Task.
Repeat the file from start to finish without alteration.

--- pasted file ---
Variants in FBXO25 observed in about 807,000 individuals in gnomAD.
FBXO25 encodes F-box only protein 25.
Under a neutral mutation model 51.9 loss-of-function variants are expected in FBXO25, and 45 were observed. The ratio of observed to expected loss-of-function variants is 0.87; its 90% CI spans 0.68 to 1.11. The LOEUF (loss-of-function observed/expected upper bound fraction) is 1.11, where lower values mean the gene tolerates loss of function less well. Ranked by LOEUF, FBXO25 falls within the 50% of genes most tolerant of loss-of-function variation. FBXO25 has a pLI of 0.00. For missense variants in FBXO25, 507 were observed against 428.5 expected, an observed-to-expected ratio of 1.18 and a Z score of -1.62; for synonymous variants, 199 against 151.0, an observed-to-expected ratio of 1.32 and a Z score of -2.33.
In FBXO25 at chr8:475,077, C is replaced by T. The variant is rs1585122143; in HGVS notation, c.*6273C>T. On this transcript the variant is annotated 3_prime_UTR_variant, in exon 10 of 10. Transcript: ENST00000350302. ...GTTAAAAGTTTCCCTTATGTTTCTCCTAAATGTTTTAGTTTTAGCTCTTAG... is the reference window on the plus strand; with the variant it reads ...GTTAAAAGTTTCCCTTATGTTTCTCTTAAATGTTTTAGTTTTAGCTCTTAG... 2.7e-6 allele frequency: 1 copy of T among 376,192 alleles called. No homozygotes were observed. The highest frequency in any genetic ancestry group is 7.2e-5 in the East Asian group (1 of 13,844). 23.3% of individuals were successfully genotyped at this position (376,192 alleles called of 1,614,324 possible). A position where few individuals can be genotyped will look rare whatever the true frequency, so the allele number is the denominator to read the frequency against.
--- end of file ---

Variants in FBXO25 observed in about 807,000 individuals in gnomAD.
FBXO25 encodes F-box only protein 25.
Under a neutral mutation model 51.9 loss-of-function variants are expected in FBXO25, and 45 were observed. The ratio of observed to expected loss-of-function variants is 0.87; its 90% CI spans 0.68 to 1.11. The LOEUF (loss-of-function observed/expected upper bound fraction) is 1.11, where lower values mean the gene tolerates loss of function less well. Ranked by LOEUF, FBXO25 falls within the 50% of genes most tolerant of loss-of-function variation. FBXO25 has a pLI of 0.00. For missense variants in FBXO25, 507 were observed against 428.5 expected, an observed-to-expected ratio of 1.18 and a Z score of -1.62; for synonymous variants, 199 against 151.0, an observed-to-expected ratio of 1.32 and a Z score of -2.33.
In FBXO25 at chr8:475,077, C is replaced by T. The variant is rs1585122143; in HGVS notation, c.*6273C>T. On this transcript the variant is annotated 3_prime_UTR_variant, in exon 10 of 10. Transcript: ENST00000350302. ...GTTAAAAGTTTCCCTTATGTTTCTCCTAAATGTTTTAGTTTTAGCTCTTAG... is the reference window on the plus strand; with the variant it reads ...GTTAAAAGTTTCCCTTATGTTTCTCTTAAATGTTTTAGTTTTAGCTCTTAG... 2.7e-6 allele frequency: 1 copy of T among 376,192 alleles called. No homozygotes were observed. The highest frequency in any genetic ancestry group is 7.2e-5 in the East Asian group (1 of 13,844). 23.3% of individuals were successfully genotyped at this position (376,192 alleles called of 1,614,324 possible). A position where few individuals can be genotyped will look rare whatever the true frequency, so the allele number is the denominator to read the frequency against.